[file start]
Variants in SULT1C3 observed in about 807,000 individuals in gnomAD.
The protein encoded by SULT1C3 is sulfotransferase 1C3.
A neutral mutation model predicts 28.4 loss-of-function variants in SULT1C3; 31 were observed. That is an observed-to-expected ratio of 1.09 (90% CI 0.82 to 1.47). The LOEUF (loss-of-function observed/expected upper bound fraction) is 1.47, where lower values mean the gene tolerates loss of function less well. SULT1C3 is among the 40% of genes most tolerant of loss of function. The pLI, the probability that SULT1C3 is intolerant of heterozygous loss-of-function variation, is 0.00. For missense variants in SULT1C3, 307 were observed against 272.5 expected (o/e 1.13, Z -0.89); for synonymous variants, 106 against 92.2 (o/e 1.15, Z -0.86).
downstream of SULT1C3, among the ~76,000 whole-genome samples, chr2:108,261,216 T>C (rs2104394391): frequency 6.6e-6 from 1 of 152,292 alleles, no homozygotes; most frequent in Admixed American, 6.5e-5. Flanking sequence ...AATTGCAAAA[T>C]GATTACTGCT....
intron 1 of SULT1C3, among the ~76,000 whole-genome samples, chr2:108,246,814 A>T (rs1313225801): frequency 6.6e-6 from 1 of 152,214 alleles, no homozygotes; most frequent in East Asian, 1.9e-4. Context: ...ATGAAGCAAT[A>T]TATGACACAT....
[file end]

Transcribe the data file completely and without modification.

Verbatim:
Variants in SULT1C3 observed in about 807,000 individuals in gnomAD.
The protein encoded by SULT1C3 is sulfotransferase 1C3.
A neutral mutation model predicts 28.4 loss-of-function variants in SULT1C3; 31 were observed. That is an observed-to-expected ratio of 1.09 (90% CI 0.82 to 1.47). The LOEUF (loss-of-function observed/expected upper bound fraction) is 1.47, where lower values mean the gene tolerates loss of function less well. SULT1C3 is among the 40% of genes most tolerant of loss of function. The pLI, the probability that SULT1C3 is intolerant of heterozygous loss-of-function variation, is 0.00. For missense variants in SULT1C3, 307 were observed against 272.5 expected (o/e 1.13, Z -0.89); for synonymous variants, 106 against 92.2 (o/e 1.15, Z -0.86).
downstream of SULT1C3, among the ~76,000 whole-genome samples, chr2:108,261,216 T>C (rs2104394391): frequency 6.6e-6 from 1 of 152,292 alleles, no homozygotes; most frequent in Admixed American, 6.5e-5. Flanking sequence ...AATTGCAAAA[T>C]GATTACTGCT....
intron 1 of SULT1C3, among the ~76,000 whole-genome samples, chr2:108,246,814 A>T (rs1313225801): frequency 6.6e-6 from 1 of 152,214 alleles, no homozygotes; most frequent in East Asian, 1.9e-4. Context: ...ATGAAGCAAT[A>T]TATGACACAT....